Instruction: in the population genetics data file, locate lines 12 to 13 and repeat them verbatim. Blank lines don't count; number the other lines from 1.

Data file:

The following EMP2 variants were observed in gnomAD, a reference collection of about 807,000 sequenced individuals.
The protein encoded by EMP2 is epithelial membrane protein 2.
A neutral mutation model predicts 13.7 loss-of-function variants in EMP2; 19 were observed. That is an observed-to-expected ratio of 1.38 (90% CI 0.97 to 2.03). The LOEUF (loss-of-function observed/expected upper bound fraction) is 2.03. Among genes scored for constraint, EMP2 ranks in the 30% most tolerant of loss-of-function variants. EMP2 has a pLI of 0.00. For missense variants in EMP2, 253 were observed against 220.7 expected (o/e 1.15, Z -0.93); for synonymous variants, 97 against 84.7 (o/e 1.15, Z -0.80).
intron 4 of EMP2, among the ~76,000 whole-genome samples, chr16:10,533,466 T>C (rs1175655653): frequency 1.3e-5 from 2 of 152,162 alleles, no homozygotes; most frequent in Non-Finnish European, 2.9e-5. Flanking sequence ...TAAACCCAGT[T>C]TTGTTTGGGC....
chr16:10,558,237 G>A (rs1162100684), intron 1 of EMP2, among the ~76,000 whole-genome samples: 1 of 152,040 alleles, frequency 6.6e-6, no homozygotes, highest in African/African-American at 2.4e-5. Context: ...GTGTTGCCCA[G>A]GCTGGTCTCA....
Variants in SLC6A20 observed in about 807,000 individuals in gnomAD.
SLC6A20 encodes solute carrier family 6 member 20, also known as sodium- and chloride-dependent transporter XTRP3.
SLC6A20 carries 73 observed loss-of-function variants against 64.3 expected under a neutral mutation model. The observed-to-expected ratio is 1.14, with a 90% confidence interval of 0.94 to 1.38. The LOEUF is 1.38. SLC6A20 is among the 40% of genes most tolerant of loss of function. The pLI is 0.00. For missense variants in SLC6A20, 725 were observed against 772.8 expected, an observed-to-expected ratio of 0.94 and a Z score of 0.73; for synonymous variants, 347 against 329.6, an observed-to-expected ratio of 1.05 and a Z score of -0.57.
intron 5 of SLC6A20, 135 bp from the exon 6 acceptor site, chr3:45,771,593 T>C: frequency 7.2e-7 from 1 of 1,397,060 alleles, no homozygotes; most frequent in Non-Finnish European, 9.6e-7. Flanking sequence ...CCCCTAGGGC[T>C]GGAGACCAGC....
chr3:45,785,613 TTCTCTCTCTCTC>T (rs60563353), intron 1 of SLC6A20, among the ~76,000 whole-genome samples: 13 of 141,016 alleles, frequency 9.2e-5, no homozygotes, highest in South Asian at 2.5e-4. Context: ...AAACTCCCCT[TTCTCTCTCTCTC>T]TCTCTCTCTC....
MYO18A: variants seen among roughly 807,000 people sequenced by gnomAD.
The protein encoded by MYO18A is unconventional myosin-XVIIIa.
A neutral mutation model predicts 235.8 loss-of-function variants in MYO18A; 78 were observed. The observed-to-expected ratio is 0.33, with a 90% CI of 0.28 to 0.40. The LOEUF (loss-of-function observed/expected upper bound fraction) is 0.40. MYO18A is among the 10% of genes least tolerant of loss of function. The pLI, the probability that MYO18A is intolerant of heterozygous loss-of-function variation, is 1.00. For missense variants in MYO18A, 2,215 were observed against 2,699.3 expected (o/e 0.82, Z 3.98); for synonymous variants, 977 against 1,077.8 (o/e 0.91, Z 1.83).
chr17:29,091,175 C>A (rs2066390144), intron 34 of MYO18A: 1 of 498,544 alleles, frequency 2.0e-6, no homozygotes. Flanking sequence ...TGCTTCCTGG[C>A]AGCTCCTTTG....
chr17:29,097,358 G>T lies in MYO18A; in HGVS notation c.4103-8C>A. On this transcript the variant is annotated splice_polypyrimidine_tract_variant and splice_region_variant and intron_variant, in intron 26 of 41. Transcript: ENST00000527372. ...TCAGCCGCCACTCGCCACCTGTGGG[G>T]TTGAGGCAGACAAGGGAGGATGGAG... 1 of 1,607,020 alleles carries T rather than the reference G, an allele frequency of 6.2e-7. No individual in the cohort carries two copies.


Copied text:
The protein encoded by MYO18A is unconventional myosin-XVIIIa.
A neutral mutation model predicts 235.8 loss-of-function variants in MYO18A; 78 were observed. The observed-to-expected ratio is 0.33, with a 90% CI of 0.28 to 0.40. The LOEUF (loss-of-function observed/expected upper bound fraction) is 0.40. MYO18A is among the 10% of genes least tolerant of loss of function. The pLI, the probability that MYO18A is intolerant of heterozygous loss-of-function variation, is 1.00. For missense variants in MYO18A, 2,215 were observed against 2,699.3 expected (o/e 0.82, Z 3.98); for synonymous variants, 977 against 1,077.8 (o/e 0.91, Z 1.83).